This one is within walking distance of our house and we go there pretty frequently, usually a handful of us roommates go together and get a big table. The food is freaking delicious and is all basically served family style (this is super common in Vietnam) and we always get a bunch of different plates and a few rounds of beers. The beer comes to you frozen and as soon as the waiter cracks it open it starts overflowing and everyone has to quickly slam their beers down through colorful bendy straws. It's a lot of fun.

This one holds a special place in my heart because of some really nice memories, but in general I'd recommend checking out any Bia Sệt.



La Ngon (Kitty's)


I've posted about this one many times too but I always either refer to it as Kitty's (Kitty is the owner of the cafe and she's a friend of my roommates) or the boat cafe.


It's nothing super fancy, it's just a cafe on a boat across the street from our house. It's close by, the staff are great, there's usually a puppy there, and they make really good smoothies. Pineapple smoothies are an important staple of the Tina James diet and also one of the first Vietnamese phrases I learned to pronounce.



Bui Vien is one of those places you love to hate. It's the heart of the backpacker/tourist area in District 1. It's one long street (and a few intersecting/branching off streets) full of bars, restaurants, and shopping. There are also lots of hostels, tour guides, and bus stations in the area along with rooms and bikes to rent. Pretty much everyone in the area speaks English and it's sort of a melting pot of people from many different countries and cultures. Many people come to Ho Chi Minh City and never leave this area and, although it's a cool place, it's not a good representation of Vietnam.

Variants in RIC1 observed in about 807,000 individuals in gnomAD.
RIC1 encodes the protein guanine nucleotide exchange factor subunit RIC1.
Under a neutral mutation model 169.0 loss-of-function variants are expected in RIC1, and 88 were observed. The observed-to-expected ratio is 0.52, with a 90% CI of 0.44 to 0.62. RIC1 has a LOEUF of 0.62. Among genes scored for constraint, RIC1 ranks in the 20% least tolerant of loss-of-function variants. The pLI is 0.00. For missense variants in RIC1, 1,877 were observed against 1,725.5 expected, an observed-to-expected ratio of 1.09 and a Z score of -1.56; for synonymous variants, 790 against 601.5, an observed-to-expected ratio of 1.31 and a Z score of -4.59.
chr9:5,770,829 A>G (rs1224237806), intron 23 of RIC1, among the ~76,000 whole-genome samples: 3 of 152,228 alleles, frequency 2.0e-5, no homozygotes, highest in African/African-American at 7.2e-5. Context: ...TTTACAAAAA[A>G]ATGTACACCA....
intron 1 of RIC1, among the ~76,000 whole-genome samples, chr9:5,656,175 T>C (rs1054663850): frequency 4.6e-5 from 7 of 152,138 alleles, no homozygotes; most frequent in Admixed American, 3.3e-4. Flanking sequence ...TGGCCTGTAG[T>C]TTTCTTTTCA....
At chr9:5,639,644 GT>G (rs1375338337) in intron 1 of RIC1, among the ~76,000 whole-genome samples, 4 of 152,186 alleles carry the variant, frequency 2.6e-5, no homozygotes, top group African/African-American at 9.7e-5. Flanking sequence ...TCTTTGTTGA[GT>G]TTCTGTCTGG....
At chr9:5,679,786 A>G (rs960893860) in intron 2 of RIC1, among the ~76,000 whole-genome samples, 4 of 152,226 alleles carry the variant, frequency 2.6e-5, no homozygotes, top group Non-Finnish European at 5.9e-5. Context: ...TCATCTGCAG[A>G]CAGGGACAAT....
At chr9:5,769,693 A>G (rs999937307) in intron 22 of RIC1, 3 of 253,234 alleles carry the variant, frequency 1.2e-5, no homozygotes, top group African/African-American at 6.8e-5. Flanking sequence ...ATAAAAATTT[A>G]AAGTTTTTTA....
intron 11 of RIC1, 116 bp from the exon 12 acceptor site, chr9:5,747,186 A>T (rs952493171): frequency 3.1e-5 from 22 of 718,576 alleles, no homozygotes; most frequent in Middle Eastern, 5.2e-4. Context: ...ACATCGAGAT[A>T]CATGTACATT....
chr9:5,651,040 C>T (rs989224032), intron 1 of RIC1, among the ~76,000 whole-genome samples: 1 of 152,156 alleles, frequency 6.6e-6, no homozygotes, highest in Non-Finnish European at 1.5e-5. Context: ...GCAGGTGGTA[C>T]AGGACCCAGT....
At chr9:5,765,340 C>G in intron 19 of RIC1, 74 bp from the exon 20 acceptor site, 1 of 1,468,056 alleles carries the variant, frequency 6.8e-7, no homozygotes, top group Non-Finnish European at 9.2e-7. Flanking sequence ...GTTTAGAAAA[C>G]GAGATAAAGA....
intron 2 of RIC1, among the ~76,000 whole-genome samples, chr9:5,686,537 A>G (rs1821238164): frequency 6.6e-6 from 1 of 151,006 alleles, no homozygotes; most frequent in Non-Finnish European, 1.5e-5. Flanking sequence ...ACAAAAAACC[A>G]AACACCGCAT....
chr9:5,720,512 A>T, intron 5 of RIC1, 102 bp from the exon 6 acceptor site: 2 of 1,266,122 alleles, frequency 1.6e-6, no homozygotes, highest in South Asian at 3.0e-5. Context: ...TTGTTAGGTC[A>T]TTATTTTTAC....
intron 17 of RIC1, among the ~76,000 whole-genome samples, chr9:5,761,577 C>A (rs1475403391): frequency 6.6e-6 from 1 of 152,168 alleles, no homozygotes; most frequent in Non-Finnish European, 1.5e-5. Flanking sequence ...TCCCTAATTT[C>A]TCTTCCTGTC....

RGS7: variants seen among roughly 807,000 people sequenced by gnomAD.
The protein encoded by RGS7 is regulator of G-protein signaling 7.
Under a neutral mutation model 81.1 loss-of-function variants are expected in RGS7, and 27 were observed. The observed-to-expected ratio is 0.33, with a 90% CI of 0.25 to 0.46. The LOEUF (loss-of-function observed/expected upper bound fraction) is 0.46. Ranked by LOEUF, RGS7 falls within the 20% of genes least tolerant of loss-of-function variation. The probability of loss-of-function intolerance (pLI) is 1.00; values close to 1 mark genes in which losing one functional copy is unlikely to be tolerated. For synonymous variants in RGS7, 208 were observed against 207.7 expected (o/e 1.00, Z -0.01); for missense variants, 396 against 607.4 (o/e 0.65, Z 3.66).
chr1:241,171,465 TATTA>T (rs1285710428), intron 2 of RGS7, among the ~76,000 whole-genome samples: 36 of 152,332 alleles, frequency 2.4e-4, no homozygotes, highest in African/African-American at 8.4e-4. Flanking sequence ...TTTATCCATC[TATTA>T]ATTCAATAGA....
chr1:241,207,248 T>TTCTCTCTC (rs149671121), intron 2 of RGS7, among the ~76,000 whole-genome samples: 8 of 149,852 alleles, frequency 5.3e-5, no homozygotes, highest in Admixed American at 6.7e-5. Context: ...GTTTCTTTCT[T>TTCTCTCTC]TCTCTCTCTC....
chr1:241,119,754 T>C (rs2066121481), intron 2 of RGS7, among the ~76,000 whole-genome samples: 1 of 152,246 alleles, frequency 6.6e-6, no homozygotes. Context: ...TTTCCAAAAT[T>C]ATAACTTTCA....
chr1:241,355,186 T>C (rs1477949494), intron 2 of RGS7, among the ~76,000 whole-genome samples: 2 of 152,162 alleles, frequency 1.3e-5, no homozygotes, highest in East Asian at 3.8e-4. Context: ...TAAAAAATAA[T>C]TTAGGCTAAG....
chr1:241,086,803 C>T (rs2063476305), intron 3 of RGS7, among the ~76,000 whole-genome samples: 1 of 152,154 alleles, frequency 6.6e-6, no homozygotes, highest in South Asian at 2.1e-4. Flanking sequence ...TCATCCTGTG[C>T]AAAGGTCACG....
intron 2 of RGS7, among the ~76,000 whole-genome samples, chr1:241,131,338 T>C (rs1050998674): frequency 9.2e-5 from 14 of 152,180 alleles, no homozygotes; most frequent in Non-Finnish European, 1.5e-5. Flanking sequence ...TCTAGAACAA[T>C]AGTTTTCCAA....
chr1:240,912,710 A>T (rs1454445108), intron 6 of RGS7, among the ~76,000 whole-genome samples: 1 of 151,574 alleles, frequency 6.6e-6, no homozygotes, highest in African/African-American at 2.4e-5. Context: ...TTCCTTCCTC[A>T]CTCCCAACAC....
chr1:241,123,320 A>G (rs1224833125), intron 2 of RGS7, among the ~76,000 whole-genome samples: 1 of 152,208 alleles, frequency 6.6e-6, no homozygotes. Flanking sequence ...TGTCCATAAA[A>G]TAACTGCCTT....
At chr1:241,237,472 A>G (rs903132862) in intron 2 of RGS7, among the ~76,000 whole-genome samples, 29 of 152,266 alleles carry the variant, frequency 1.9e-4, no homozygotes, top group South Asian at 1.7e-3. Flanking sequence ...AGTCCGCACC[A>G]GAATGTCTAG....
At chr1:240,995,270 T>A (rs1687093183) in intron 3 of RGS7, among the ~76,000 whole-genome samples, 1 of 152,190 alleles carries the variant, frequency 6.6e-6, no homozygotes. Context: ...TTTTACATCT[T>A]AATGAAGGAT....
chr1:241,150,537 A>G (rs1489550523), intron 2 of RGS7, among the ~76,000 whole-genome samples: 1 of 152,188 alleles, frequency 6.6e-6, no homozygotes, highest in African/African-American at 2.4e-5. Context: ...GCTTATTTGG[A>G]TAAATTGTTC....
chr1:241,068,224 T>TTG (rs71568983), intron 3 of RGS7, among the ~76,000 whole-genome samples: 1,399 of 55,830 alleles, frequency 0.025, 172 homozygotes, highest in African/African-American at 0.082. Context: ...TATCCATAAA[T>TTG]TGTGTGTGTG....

At night it is a bustling, crowded street full of drunk foreigners who want to party. Like I said it's a love/hate relationship. Bui Vien is kind of just where you end up when you want to go out. On the upside, there is always something going on. There is a pub crawl that goes through the street every night, there are lots of bars with live music, lots of places to dance, lots of cheap places, bars are open 24/7, lots of different people to talk to from all over, and it is honestly always a fun time.